Serenading a completely packed theater, American rhythm group Vulfpeck delivered a knockout show at the Hearst Greek Theatre in Berkeley in its quest to play both the Berkeley and Los Angeles Greek Theatres back to back. Vulfpeck, formed in 2011 at the University of Michigan’s music school, has released four EPs, four albums and a silent album. The band’s most recent album, Hill Climber, was released in 2018 and received widespread praise from fans, proving that the band is still operating at its peak level of success.
On Saturday, the group was opened by Joey Dosik, a singer-songwriter from Los Angeles who makes his music with what he describes as “emotional intensity.” Dosik was accompanied by percussionist Lucky Paul, and the duo played a brief hourlong set. Dosik announced to the crowd multiple times that the two were “trying something for the first time” using Paul’s extensive DJ equipment. The set included highlights such as Paul sampling an E note from the crowd and playing it back to accompany one of Dosik’s songs.
At 9:15 p.m., Vulfpeck entered the stage to a roar of applause. Woody Goss appeared first, taking his seat at the keyboard, before Jack Stratton crossed the stage, hunched with a white towel draped over his head. Theo Katzman and Joe Dart followed, and the group launched into song.
Dosik, along with two other frequent Vulfpeck collaborators, Cory Wong and Antwaun Stanley, accompanied the group on various songs, such as “Disco Ulysses,” “Funky Duck” and “Beastly.” Dosik skillfully played the saxophone while Wong offered his sensational guitar skills and Stanley his soulful vocals.
Vulfpeck played a set chock-full of fan favorites such as “Wait for the Moment” and “1612,” during which Stanley held his microphone out to an eager crowd, which shouted back, “Sixteen-twelve, that’s the code to my heart.” Vulfpeck’s great showmanship not only highlighted its funky music but also drew the crowd in closer to the group. Wong, Dart and Stratton danced around the stage together with their guitars. Stanley provided a short set of jumping jacks during a vocal break.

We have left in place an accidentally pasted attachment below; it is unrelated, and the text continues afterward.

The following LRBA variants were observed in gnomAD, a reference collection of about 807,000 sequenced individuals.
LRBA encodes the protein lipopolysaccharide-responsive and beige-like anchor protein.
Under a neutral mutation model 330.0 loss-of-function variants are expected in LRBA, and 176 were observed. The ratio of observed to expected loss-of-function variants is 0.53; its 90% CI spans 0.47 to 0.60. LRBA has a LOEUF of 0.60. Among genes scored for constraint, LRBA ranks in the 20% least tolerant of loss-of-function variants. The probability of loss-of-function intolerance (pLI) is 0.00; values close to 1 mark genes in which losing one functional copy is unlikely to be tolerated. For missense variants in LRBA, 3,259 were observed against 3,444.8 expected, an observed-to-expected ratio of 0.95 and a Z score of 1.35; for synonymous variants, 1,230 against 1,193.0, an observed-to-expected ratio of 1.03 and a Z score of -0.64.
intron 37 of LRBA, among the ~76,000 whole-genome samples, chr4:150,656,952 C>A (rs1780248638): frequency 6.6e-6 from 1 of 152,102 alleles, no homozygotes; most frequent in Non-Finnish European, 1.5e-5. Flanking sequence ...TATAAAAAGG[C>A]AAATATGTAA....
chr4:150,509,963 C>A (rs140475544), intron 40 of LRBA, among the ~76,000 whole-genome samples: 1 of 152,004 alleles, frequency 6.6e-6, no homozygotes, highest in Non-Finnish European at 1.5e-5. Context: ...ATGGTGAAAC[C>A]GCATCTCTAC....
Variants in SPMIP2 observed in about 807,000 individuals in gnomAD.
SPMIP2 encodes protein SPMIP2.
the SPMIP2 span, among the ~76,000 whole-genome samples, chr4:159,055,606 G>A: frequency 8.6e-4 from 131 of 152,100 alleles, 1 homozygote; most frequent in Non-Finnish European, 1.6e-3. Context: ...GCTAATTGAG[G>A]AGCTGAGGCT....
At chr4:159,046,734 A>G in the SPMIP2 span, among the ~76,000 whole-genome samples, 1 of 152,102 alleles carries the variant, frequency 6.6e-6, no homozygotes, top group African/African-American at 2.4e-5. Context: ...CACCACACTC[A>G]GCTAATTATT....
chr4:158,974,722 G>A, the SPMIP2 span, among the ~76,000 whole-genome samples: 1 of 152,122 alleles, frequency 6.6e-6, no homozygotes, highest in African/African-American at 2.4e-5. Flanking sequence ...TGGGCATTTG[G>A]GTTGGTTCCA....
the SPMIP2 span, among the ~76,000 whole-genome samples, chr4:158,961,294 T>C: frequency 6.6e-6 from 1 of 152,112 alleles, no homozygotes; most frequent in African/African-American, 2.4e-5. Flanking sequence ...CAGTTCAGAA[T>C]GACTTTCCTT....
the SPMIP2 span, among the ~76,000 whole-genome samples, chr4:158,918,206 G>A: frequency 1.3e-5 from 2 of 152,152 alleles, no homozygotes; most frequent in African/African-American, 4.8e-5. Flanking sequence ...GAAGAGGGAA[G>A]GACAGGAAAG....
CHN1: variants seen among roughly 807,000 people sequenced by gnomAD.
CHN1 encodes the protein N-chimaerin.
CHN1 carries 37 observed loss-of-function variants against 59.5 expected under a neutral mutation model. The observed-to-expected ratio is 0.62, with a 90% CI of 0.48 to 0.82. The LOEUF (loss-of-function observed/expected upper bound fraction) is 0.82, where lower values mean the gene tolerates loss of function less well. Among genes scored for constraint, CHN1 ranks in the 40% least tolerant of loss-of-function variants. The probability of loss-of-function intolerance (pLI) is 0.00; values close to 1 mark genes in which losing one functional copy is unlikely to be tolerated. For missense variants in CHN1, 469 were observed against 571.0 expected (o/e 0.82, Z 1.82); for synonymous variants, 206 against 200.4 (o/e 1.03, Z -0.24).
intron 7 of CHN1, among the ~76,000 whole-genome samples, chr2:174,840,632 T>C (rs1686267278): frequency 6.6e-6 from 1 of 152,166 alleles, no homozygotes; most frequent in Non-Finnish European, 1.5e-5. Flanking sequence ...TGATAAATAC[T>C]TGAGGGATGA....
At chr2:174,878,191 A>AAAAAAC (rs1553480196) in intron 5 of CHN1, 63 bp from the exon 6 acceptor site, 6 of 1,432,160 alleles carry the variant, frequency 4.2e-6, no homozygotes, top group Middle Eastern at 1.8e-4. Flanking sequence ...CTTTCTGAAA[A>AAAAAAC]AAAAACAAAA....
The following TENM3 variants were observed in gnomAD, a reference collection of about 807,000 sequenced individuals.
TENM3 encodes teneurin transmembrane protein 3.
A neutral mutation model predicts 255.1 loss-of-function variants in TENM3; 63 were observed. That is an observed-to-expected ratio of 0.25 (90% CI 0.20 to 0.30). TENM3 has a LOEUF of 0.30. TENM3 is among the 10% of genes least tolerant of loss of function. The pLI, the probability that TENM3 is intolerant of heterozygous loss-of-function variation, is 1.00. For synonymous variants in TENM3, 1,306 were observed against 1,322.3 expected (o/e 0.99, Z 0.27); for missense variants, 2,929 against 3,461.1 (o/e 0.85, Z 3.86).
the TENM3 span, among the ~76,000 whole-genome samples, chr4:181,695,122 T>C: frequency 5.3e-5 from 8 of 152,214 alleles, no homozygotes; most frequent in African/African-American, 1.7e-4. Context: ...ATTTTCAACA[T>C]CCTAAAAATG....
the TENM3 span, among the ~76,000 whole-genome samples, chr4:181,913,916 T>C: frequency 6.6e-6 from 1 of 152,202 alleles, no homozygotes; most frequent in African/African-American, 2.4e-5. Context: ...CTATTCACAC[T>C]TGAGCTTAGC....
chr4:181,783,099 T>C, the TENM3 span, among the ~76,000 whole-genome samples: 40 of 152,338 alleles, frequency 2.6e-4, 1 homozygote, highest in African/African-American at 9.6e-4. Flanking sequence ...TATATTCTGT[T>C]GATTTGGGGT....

As is the case at the group’s other shows, Vulfpeck brought out a special guest to briefly give a TED Talk-style oration to the audience. Dean Ornish preached to the audience about switching to a plant-based diet because meat consumption contributes to global warming. The group continued its set after the speech, with Katzman hoping everyone “got their money’s worth.”
Katzman also led a cappella sessions for “Back Pocket” and “Christmas in L.A.” Katzman divided the Greek into thirds, assigning each section the same lyric in a different key. The crowd enthusiastically sang along at his cue.
Katzman offered an explanation for the group’s “Greek Week” theme. Amid drum breaks, he relayed to the crowd that his roommate at the University of Michigan asked him if he was interested in Greek life (meaning joining a fraternity). Katzman misunderstood him, thinking he was asking about life in Greece. He also mentioned the group’s ambitions of playing at a fraternity and at the Parthenon in Greece, neither of which were available for this tour.
The group finished its main set with “Dean Town,” a funk-tastic bass-driven instrumental song that had the audience singing along to the iconic opening bass line. It was the perfect way to end the show, but Vulfpeck wasn’t quite finished yet.
The group left the stage for a moment but returned quickly to the crowd chanting, “Wedding set!” The “wedding set” consisted of Vulfpeck playing a series of famous soul/funk covers, including the Jackson 5’s “I Want You Back,” the Four Seasons’ “December, 1963” and Earth, Wind & Fire’s “September.” The group also played three more of its own songs (“The Speedwalker,” “It Gets Funkier” and “Chromatic Walk”) before finally exiting the stage in front of an obviously satisfied and ecstatic crowd.
Vulfpeck’s heavy involvement of the audience, showmanship and comedic touches made the show all the more enjoyable, and the group’s music was pretty damn good as well. The band members bring a modern twist to old-school funk and soul, and it’s not every day you see a music group with what’s essentially a lead bassist. With the crowd visibly jamming along to every single song for a solid two hours, it’s certain that Vulfpeck gave each person in the crowd a great night to remember.
Contact Pooja Bale at [email protected].